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Some of the most complex transactions organizations can be involved in are mergers and acquisitions. In great part, this is because mergers and acquisitions have tax ramifications, impacting taxes at both the state and federal levels.

Lawyers well-versed in business law can guide you through the challenging and varied tax implications. Learn more about the key implications mergers and acquisitions can have on a company and its taxes. 

Business Law Basics: Understanding Mergers and Acquisitions

These two terms are generally used together, but they are not the same thing. Thus, they must not be used interchangeably.

In a merger, two separate entities become one new legal entity. Mergers usually function to reduce costs of operation, grow revenue, expand into new territories, and more. After a merger, the shares of the new company are distributed to existing shareholders of both original businesses. 

Acquisitions are more common than mergers. In an acquisition, the acquiring company buys the majority or all of the other company’s ownership stakes. This gives the buying company power over stocks, assets, and operations. However, both companies retain separate corporate identities. 

Structuring the Transaction: Asset or Stock Sale

The way you structure the transaction plays a major role in the tax implications of a merger or acquisition. Specifically, you can structure it as an asset or stock sale. 

When a buyer purchases individual assets of a target company but doesn’t take ownership of the entity, that’s an asset sale. This means the buyer doesn’t take on any of the company’s liabilities or cash but does own its net working capital. An asset sale allows the sale price of the assets to become a buyer’s starting tax basis. 

An asset sale allocates an increased value to these assets and restarts the depreciation process for the buyer. In return, the buyer receives an advantageous cash flow during the transition years.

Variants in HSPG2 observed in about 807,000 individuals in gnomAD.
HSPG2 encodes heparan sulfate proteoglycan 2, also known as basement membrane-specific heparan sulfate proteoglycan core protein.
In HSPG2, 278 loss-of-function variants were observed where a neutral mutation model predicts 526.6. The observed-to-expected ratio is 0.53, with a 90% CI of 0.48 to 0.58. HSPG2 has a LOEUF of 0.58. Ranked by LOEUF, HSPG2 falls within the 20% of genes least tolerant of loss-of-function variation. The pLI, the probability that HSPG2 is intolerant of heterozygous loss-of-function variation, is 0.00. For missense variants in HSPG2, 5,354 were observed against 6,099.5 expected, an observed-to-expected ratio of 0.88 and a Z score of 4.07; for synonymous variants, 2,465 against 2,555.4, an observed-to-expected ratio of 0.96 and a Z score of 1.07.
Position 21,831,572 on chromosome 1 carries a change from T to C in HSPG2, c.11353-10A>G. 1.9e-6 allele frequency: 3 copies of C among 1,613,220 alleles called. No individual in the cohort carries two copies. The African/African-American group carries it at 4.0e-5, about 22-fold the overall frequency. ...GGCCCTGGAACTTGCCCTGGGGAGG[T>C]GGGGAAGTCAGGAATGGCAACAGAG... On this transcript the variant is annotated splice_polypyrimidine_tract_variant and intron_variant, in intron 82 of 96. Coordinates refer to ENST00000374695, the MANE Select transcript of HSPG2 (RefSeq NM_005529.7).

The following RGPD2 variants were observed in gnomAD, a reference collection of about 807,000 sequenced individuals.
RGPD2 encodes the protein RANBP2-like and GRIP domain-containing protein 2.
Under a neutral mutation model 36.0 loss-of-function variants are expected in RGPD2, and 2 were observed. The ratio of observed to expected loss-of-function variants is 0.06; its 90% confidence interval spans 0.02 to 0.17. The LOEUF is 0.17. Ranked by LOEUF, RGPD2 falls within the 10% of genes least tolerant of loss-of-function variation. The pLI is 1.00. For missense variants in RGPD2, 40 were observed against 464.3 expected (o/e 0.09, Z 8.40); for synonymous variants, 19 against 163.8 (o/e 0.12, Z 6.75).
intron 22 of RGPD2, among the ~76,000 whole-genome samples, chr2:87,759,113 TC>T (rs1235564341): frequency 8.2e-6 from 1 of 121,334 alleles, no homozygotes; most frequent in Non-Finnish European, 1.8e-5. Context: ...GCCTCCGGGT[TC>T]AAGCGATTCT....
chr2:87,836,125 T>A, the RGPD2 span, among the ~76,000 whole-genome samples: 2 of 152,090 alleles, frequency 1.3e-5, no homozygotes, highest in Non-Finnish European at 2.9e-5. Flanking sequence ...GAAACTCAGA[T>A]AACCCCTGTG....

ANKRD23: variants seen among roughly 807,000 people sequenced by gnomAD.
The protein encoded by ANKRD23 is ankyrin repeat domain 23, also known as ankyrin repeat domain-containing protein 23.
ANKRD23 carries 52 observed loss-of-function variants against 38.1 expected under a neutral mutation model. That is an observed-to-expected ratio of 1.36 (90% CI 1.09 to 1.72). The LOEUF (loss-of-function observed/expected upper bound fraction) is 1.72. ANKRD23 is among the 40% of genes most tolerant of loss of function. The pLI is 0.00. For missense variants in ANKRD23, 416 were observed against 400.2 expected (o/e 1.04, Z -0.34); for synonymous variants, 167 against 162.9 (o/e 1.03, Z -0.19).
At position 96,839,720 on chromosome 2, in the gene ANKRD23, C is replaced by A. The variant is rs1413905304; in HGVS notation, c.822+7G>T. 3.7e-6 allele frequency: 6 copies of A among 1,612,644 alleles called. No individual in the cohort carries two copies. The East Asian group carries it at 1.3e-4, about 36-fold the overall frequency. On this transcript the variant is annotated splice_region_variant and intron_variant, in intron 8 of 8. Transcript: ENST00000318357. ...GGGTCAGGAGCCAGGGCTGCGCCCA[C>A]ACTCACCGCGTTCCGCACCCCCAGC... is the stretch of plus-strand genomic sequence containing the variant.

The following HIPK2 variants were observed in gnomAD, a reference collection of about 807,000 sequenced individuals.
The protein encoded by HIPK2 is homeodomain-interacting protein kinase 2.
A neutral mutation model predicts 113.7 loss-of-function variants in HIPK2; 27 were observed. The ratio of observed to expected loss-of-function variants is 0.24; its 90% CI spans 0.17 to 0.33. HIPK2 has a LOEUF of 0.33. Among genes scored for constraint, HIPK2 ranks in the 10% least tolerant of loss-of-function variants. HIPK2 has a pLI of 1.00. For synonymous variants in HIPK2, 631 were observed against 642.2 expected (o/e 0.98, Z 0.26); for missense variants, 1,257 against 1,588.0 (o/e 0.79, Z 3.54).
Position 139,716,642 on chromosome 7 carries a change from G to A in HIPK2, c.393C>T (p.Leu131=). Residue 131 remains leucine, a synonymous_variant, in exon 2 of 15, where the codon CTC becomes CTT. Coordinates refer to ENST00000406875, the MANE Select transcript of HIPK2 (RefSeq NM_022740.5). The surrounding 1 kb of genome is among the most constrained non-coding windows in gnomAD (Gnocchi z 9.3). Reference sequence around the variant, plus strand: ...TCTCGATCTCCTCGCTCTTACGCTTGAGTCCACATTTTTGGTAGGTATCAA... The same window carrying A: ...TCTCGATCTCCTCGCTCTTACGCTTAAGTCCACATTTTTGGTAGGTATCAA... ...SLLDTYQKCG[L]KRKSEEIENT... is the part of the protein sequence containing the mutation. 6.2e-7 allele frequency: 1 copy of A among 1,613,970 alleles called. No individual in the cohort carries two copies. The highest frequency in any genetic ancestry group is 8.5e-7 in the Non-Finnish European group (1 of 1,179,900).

In a stock sale, the buyer purchases the target company’s stock, therefore taking over the entity. With stock sales, buyers don’t allocate a higher value to the assets so they don’t get to restart depreciation. 

The tax basis for the assets at the time of the purchase remains the same for the buyer. This means that you could lose out on depreciation deductions. 

Consider Net Operating Losses

Net operating loss (NOL) refers to when a company’s deductions exceed its taxable income during a tax period. NOLs can be an asset because you can use them to offset future taxation of mergers and acquisitions. 

If you make an asset purchase, the NOLs are not transferred from the target company to the buyer, so they’re not deductible. The opposite is true for a stock purchase. In most mergers and acquisitions, the NOLs are typically lost. 

Implications on State and Local Taxes

When you buy a company along with its locations, customers, and employees, that action can alter your state and local tax liabilities. Because of the complex nature of mergers and acquisitions, turning to a lawyer who specializes in business law is essential to ensure you are handling your taxes correctly after these transactions.

Relying on Experienced Business Law Professionals 

Your business taxes are always complicated, but they can become infinitely more so if you are considering mergers and acquisitions. From how to structure the transaction to how you should handle state and local taxes, having an attorney on your side who has experience with the ins and outs of these tax implications is crucial. 

At Sul Lee Law Firm, we offer assistance in all aspects of business law, providing a tailored approach to your unique circumstances and challenges. Contact our lawyers at Sul Lee Law Firm in Dallas, TX, to speak with a business lawyer.